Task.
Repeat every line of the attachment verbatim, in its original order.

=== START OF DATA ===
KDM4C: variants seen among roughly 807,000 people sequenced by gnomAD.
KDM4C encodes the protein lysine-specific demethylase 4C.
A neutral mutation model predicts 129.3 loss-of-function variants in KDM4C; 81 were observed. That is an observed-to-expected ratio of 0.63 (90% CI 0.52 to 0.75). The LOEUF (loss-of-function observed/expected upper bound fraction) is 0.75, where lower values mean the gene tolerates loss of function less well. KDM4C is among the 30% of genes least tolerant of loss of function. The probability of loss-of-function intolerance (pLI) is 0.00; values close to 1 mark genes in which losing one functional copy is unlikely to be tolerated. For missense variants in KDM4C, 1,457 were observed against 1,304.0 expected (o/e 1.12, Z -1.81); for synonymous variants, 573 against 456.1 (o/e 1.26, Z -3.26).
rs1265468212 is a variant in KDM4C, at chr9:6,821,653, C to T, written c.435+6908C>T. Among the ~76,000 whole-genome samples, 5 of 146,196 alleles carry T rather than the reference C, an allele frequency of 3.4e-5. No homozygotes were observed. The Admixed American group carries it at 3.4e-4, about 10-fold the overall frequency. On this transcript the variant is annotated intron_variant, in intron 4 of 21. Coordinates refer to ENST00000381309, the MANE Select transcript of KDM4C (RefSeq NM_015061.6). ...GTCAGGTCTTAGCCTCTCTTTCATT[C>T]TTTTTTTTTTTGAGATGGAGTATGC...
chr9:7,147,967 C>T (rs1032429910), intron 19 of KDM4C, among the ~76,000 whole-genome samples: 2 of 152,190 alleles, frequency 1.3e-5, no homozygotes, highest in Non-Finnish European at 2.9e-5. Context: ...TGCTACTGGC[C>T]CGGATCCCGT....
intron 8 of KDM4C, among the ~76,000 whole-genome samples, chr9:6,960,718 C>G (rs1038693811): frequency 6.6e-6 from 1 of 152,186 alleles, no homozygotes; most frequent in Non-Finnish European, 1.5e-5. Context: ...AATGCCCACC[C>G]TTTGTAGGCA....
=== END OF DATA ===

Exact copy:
KDM4C: variants seen among roughly 807,000 people sequenced by gnomAD.
KDM4C encodes the protein lysine-specific demethylase 4C.
A neutral mutation model predicts 129.3 loss-of-function variants in KDM4C; 81 were observed. That is an observed-to-expected ratio of 0.63 (90% CI 0.52 to 0.75). The LOEUF (loss-of-function observed/expected upper bound fraction) is 0.75, where lower values mean the gene tolerates loss of function less well. KDM4C is among the 30% of genes least tolerant of loss of function. The probability of loss-of-function intolerance (pLI) is 0.00; values close to 1 mark genes in which losing one functional copy is unlikely to be tolerated. For missense variants in KDM4C, 1,457 were observed against 1,304.0 expected (o/e 1.12, Z -1.81); for synonymous variants, 573 against 456.1 (o/e 1.26, Z -3.26).
rs1265468212 is a variant in KDM4C, at chr9:6,821,653, C to T, written c.435+6908C>T. Among the ~76,000 whole-genome samples, 5 of 146,196 alleles carry T rather than the reference C, an allele frequency of 3.4e-5. No homozygotes were observed. The Admixed American group carries it at 3.4e-4, about 10-fold the overall frequency. On this transcript the variant is annotated intron_variant, in intron 4 of 21. Coordinates refer to ENST00000381309, the MANE Select transcript of KDM4C (RefSeq NM_015061.6). ...GTCAGGTCTTAGCCTCTCTTTCATT[C>T]TTTTTTTTTTTGAGATGGAGTATGC...
chr9:7,147,967 C>T (rs1032429910), intron 19 of KDM4C, among the ~76,000 whole-genome samples: 2 of 152,190 alleles, frequency 1.3e-5, no homozygotes, highest in Non-Finnish European at 2.9e-5. Context: ...TGCTACTGGC[C>T]CGGATCCCGT....
intron 8 of KDM4C, among the ~76,000 whole-genome samples, chr9:6,960,718 C>G (rs1038693811): frequency 6.6e-6 from 1 of 152,186 alleles, no homozygotes; most frequent in Non-Finnish European, 1.5e-5. Context: ...AATGCCCACC[C>G]TTTGTAGGCA....